The Varsity Blues scandal hit the country on March 12, 2019. One year after the news exploded across this country and the world, we’re taking a look at what has changed, what has stayed the same, and how to avoid making these same mistakes moving forward. In college finance, we review the details of expected family contributions, or EFC for short.
Two of my colleagues and I recently appeared on Good Morning America in a segment in response to the college admission scandal. The piece explored a different and more common way that students try to game the admission process: using an essay they didn’t write themselves. The segment entailed the three of us, plus one additional college counselor, reviewing personal statements and trying to spot the “fake” essay, which proved to be a more nuanced task than I think the GMA producers had expected. We at College Coach thought it might be useful to do a “behind the scenes” account of why spotting the fake was a challenge, and why you still shouldn’t use a fake essay!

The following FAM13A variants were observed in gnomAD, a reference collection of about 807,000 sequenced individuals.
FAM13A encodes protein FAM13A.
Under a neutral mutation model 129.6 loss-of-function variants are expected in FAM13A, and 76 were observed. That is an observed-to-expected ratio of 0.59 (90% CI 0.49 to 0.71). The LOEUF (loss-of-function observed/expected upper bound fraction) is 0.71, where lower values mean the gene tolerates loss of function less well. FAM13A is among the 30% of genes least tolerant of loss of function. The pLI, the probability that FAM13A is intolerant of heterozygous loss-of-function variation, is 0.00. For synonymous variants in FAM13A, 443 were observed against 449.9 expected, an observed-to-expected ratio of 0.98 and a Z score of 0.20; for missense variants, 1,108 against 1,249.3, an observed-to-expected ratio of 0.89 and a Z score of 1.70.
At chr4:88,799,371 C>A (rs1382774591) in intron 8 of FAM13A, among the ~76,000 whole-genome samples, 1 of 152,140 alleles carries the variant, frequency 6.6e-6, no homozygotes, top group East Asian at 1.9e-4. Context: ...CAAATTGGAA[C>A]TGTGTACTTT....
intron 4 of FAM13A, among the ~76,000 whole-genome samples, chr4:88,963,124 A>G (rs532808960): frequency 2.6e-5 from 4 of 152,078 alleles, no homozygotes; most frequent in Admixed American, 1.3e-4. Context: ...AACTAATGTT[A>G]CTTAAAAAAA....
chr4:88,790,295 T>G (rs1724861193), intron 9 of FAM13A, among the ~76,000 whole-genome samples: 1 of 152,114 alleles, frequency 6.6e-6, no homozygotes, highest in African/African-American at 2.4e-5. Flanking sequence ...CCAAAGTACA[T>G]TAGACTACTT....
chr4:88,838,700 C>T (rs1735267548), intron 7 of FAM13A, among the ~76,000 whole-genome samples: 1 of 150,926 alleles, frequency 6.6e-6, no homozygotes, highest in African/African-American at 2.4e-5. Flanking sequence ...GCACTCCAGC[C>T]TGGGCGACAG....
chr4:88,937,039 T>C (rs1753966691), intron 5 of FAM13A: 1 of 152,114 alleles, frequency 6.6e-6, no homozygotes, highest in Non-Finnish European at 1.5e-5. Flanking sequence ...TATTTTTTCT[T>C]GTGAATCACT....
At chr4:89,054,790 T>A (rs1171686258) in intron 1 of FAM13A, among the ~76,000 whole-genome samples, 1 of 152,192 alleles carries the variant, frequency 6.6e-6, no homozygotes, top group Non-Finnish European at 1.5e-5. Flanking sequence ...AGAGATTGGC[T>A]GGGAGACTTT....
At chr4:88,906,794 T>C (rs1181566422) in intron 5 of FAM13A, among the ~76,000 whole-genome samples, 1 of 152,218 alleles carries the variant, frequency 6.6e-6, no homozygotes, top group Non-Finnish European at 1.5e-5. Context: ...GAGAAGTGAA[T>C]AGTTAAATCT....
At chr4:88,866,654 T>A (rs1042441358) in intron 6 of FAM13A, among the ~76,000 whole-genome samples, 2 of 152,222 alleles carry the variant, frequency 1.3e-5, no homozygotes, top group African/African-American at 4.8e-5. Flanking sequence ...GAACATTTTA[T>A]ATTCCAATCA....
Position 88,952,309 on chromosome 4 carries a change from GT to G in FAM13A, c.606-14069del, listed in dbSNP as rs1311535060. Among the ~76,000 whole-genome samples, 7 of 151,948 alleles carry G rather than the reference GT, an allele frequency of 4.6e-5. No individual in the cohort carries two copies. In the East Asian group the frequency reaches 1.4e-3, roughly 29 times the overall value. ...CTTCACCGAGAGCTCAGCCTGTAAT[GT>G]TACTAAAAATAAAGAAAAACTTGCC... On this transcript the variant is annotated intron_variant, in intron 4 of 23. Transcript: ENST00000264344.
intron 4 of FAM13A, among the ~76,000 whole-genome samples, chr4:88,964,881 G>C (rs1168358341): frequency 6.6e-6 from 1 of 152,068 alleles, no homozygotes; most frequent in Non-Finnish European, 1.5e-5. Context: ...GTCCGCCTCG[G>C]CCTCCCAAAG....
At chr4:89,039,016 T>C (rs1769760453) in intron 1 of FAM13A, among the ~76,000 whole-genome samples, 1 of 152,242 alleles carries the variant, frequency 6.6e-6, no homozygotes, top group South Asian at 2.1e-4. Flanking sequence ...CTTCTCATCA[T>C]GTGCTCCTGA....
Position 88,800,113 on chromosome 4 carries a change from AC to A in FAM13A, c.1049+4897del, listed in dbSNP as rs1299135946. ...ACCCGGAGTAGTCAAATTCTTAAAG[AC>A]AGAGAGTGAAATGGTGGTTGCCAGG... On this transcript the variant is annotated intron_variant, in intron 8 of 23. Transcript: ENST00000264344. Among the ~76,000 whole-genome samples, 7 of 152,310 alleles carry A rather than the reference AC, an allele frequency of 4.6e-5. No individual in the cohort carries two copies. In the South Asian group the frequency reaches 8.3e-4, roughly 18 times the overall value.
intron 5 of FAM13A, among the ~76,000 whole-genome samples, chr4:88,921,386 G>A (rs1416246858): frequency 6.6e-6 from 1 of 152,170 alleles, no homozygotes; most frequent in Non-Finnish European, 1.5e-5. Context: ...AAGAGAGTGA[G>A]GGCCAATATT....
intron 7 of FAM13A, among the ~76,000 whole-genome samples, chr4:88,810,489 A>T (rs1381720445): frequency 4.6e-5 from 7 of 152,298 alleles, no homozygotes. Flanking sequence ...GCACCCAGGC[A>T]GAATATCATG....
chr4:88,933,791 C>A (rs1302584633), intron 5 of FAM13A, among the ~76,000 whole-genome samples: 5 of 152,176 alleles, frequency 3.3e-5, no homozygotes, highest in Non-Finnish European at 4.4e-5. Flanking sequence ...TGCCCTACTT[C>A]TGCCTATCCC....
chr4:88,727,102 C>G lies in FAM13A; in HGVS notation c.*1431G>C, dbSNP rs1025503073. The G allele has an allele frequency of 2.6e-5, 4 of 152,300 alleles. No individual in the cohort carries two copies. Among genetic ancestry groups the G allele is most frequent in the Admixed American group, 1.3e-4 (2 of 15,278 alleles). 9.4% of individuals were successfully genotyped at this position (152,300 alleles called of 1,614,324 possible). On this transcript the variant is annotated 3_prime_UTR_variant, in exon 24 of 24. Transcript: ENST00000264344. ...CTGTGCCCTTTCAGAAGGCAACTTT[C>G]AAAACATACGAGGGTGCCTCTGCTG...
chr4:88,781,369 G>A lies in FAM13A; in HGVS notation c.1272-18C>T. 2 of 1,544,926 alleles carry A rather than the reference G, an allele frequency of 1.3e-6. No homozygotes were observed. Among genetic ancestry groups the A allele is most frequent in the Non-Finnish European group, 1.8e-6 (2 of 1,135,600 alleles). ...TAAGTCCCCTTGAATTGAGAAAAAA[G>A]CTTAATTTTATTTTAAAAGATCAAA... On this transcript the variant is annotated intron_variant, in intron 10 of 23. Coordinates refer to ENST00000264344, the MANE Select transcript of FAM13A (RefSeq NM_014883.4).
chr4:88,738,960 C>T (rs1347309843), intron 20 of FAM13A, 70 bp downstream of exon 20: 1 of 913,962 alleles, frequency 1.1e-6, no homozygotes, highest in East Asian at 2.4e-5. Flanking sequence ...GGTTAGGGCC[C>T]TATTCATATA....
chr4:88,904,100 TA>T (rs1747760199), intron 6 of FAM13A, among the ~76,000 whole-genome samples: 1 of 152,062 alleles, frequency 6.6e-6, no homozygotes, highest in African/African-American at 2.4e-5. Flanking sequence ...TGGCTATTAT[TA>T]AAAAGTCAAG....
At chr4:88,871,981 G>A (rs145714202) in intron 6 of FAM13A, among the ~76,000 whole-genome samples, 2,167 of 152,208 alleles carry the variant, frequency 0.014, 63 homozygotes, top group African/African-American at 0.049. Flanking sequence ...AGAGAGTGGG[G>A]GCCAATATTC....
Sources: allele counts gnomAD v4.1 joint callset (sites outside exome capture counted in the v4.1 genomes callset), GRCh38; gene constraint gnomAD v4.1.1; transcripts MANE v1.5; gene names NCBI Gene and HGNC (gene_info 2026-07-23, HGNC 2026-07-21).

We interrupted our regularly scheduled programming to focus an entire episode of Getting In: A College Coach Conversation on the scandal rocking the admissions world involving wealthy parents, corrupt coaches and standardized test proctors, and a villain for the ages in the form of Rick Singer.